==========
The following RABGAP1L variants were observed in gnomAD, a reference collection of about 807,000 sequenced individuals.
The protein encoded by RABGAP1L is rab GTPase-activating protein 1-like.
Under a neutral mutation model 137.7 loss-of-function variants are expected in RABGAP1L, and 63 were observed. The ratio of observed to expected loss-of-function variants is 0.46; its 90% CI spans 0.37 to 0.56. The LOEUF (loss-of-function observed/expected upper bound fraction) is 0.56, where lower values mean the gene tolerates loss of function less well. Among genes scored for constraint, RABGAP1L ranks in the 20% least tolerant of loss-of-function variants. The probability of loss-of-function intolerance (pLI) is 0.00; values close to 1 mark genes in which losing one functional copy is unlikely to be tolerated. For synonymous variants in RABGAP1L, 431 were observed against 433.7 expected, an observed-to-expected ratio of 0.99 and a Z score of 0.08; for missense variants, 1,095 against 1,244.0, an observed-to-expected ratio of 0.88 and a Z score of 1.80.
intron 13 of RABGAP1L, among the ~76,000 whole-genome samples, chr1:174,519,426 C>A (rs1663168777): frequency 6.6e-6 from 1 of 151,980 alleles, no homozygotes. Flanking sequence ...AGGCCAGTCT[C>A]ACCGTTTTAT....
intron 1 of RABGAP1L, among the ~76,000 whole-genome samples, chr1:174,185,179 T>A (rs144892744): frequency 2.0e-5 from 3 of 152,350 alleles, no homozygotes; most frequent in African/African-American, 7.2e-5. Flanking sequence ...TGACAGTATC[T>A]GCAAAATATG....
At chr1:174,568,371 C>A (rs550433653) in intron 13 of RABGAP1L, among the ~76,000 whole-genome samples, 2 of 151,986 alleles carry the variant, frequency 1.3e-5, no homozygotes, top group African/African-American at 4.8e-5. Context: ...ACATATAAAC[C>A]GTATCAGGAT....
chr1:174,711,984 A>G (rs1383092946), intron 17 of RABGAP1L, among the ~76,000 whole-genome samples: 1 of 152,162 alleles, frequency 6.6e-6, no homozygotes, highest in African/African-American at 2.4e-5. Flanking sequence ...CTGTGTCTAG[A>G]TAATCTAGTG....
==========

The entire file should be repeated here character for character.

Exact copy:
The following RABGAP1L variants were observed in gnomAD, a reference collection of about 807,000 sequenced individuals.
The protein encoded by RABGAP1L is rab GTPase-activating protein 1-like.
Under a neutral mutation model 137.7 loss-of-function variants are expected in RABGAP1L, and 63 were observed. The ratio of observed to expected loss-of-function variants is 0.46; its 90% CI spans 0.37 to 0.56. The LOEUF (loss-of-function observed/expected upper bound fraction) is 0.56, where lower values mean the gene tolerates loss of function less well. Among genes scored for constraint, RABGAP1L ranks in the 20% least tolerant of loss-of-function variants. The probability of loss-of-function intolerance (pLI) is 0.00; values close to 1 mark genes in which losing one functional copy is unlikely to be tolerated. For synonymous variants in RABGAP1L, 431 were observed against 433.7 expected, an observed-to-expected ratio of 0.99 and a Z score of 0.08; for missense variants, 1,095 against 1,244.0, an observed-to-expected ratio of 0.88 and a Z score of 1.80.
intron 13 of RABGAP1L, among the ~76,000 whole-genome samples, chr1:174,519,426 C>A (rs1663168777): frequency 6.6e-6 from 1 of 151,980 alleles, no homozygotes. Flanking sequence ...AGGCCAGTCT[C>A]ACCGTTTTAT....
intron 1 of RABGAP1L, among the ~76,000 whole-genome samples, chr1:174,185,179 T>A (rs144892744): frequency 2.0e-5 from 3 of 152,350 alleles, no homozygotes; most frequent in African/African-American, 7.2e-5. Flanking sequence ...TGACAGTATC[T>A]GCAAAATATG....
At chr1:174,568,371 C>A (rs550433653) in intron 13 of RABGAP1L, among the ~76,000 whole-genome samples, 2 of 151,986 alleles carry the variant, frequency 1.3e-5, no homozygotes, top group African/African-American at 4.8e-5. Context: ...ACATATAAAC[C>A]GTATCAGGAT....
chr1:174,711,984 A>G (rs1383092946), intron 17 of RABGAP1L, among the ~76,000 whole-genome samples: 1 of 152,162 alleles, frequency 6.6e-6, no homozygotes, highest in African/African-American at 2.4e-5. Flanking sequence ...CTGTGTCTAG[A>G]TAATCTAGTG....